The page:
The petition appeals toÂ Mississippi Attorney General Lynn Fitch and District Attorney of the 4th Circuit Court W. Dewayne Richardson, as well as U.S. Attorney General William Barr, the Department of Justice and the FBI.
Watts said similar petitions have been launched by outside parties in the past that called for more information or judicial movement in the case, but this is the first time a member of the Till family has led one themselves.Â
« It’s always been something that others have taken on for us and I believe there has been some wonderful results and responsesÂ to it, » she said. « We just have not put our energy or put our face into it or stood there and said ‘This is our family. We’ve been waiting and we deserve answers and we deserve justice.’ And so we wanted to be part of that push as well. »
The petition was originally meant to launch earlier in the year, but the COVID-19 pandemic put the plan on hold. Watts said the ETLF focused on other aspects of its Justice for Emmett Till campaignÂ until they were able to finally launch the petition on Emmett’s birthday, July 25. At time of writing, the petition had over 3,900 signatures.Â
Watts said she has requestedÂ meetings with both Attorney General Fitch and AD Richardson to discuss the case, but has not yet heard back.
Seeing charges come down in the case may be difficult. In 2007, a bi-racial federal grand jury issued a « no bill » in a case against Donham seekingÂ manslaughter charges, meaning the jury at that time found insufficient evidence of the allegedÂ crime. Federal authorities also declined to press charges in 2006, saying the statute of limitations had run out.Â
Anderson said he isn’t sure the current amount of evidence will allow any charges to come to fruition.
« Between what they knew before, unless they have more evidence for a manslaughter charge, I don’t know that they could make anything stick, to be honest, » he said. « I just don’t see where the evidence is that would get them to indict. »
Donham, now 86, is also legally blind and in a wheelchair, adding to the difficulty of seeing possible charges because a jury may sympathize with the state of her health, Anderson said.
« I do think that if there’s someone alive who participated in this, no matter how old they are or anything, I think they should be brought to justice, » he said. « But I really don’t think the evidence is going to be there. »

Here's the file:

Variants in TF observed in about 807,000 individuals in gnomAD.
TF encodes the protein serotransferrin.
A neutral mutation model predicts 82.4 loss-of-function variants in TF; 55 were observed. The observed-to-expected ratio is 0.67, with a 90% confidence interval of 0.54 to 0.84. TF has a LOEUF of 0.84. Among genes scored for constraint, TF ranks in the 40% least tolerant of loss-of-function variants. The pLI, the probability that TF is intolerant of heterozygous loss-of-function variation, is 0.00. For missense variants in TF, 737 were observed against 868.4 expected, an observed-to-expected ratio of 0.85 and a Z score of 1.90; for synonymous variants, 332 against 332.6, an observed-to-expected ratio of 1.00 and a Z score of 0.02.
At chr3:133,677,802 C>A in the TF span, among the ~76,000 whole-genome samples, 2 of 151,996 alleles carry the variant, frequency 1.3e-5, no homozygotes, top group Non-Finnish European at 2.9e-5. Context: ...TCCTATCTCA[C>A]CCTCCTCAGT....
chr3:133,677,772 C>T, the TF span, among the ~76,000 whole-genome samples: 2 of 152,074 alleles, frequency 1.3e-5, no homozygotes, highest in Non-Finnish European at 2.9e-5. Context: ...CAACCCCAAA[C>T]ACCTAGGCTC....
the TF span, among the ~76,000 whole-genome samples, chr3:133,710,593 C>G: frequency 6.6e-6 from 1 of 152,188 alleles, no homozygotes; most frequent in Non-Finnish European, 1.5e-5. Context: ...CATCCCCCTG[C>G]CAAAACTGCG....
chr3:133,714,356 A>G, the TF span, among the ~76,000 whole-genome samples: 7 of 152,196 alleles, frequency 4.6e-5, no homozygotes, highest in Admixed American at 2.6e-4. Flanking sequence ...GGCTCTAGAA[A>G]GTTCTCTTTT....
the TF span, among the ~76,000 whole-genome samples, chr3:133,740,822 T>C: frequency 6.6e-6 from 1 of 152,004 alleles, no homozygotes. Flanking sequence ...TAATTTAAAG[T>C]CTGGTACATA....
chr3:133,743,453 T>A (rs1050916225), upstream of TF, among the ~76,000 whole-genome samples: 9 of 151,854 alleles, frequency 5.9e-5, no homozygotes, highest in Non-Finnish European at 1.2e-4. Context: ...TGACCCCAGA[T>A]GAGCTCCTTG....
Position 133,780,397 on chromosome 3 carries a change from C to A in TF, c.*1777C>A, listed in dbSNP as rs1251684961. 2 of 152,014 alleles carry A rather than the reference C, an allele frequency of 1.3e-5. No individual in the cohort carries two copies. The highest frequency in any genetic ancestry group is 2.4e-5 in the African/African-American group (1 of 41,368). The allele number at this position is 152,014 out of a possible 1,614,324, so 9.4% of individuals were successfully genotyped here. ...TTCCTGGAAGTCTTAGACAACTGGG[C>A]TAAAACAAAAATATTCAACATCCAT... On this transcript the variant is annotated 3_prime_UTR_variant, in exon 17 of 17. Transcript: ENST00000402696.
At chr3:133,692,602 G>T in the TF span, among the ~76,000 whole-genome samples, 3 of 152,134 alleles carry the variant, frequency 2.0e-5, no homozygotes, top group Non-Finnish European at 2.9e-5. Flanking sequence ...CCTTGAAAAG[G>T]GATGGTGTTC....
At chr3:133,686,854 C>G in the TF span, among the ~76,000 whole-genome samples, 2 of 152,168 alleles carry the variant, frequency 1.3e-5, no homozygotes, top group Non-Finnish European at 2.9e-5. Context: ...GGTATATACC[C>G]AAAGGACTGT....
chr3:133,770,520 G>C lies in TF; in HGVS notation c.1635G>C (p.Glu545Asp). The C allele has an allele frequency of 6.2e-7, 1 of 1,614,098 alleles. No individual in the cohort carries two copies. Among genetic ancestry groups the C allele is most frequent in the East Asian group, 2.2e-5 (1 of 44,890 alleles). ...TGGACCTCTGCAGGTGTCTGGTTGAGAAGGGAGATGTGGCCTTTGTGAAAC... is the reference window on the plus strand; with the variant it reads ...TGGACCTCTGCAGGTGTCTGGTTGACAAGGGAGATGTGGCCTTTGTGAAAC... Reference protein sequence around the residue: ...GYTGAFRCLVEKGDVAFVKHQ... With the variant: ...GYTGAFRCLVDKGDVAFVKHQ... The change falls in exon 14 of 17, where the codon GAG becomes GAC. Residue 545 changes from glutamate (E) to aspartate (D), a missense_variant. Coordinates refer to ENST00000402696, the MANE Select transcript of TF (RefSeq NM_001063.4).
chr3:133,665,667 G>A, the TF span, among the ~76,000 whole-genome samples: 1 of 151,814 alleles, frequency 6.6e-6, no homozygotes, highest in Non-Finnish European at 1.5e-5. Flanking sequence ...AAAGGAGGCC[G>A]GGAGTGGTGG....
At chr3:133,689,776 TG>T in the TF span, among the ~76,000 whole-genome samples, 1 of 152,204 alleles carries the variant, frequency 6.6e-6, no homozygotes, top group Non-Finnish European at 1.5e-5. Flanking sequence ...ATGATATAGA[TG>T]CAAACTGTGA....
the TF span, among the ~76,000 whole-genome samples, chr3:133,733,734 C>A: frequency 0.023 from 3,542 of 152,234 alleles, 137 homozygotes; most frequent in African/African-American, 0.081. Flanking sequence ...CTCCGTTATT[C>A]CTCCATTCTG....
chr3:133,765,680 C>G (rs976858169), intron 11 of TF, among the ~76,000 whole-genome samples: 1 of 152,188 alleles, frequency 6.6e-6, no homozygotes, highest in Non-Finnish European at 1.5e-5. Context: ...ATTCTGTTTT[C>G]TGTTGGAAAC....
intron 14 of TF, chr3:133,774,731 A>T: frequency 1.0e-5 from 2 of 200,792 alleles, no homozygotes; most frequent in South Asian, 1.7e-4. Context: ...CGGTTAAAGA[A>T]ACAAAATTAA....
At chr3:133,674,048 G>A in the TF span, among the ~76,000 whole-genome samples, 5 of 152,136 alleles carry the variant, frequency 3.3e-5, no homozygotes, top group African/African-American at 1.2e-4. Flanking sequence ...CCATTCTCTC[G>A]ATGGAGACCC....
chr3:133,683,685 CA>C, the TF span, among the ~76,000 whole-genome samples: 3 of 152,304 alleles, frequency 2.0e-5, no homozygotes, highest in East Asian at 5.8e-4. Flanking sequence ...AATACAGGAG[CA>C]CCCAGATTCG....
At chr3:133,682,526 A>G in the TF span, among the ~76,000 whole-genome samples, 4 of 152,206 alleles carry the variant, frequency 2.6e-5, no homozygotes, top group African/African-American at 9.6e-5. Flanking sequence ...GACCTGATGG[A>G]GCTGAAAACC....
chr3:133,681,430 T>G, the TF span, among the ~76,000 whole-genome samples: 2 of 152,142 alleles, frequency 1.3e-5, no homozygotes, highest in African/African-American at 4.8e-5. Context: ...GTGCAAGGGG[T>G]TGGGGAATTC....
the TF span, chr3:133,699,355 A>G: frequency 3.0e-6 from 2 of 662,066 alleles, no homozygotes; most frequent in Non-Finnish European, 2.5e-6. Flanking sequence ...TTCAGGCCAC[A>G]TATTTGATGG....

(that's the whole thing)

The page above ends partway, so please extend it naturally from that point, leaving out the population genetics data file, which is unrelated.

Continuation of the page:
In 2019, the memorial sign marking the site of Emmett Till’s murder that was subject to multiple acts of vandalism over the years was replaced by the Emmett Till Memorial Commission with a new sign that is reportedly bulletproof. (Photo: Courtesy/Emmett Till Memorial Commission.)
Watts said, however, the ETLF is looking for more than just charges being filed in the case.
« We want to hear from Carolyn Bryant, » she said. « That’s justice, as well. And then we also feel strongly that … we need an apology to our family from the top levels of our government down to the municipalities there in Mississippi. There’sÂ so many things we can point to that went wrong. So we want the wrongs righted. We want the appropriate apologies.Â We want them to join up with us to make sure this doesn’t happen again to any other family. »
Separate from the petition, Watts said the foundationÂ is alsoÂ pursuing the creation of policies tied to the Emmett Till Unsolved Civil Rights Crime Act of 2007 that can empower the families of victims of raciallyÂ motivated crimes dating back to the civil rights era.
« With this new administration, we want to remind them that this is under their watch, » she said. « The cold cases and the 120 or so other families deserve the truth and they deserve justice. »
Watts said Mississippi has long wanted to move toward reconciliation with the Till family regarding the case, but she said she finds the concept difficult to imagine unless the case comes to a satisfactory conclusion.
« It’s impossible, I think, for any of us in our family to even talk about that until justice prevails. »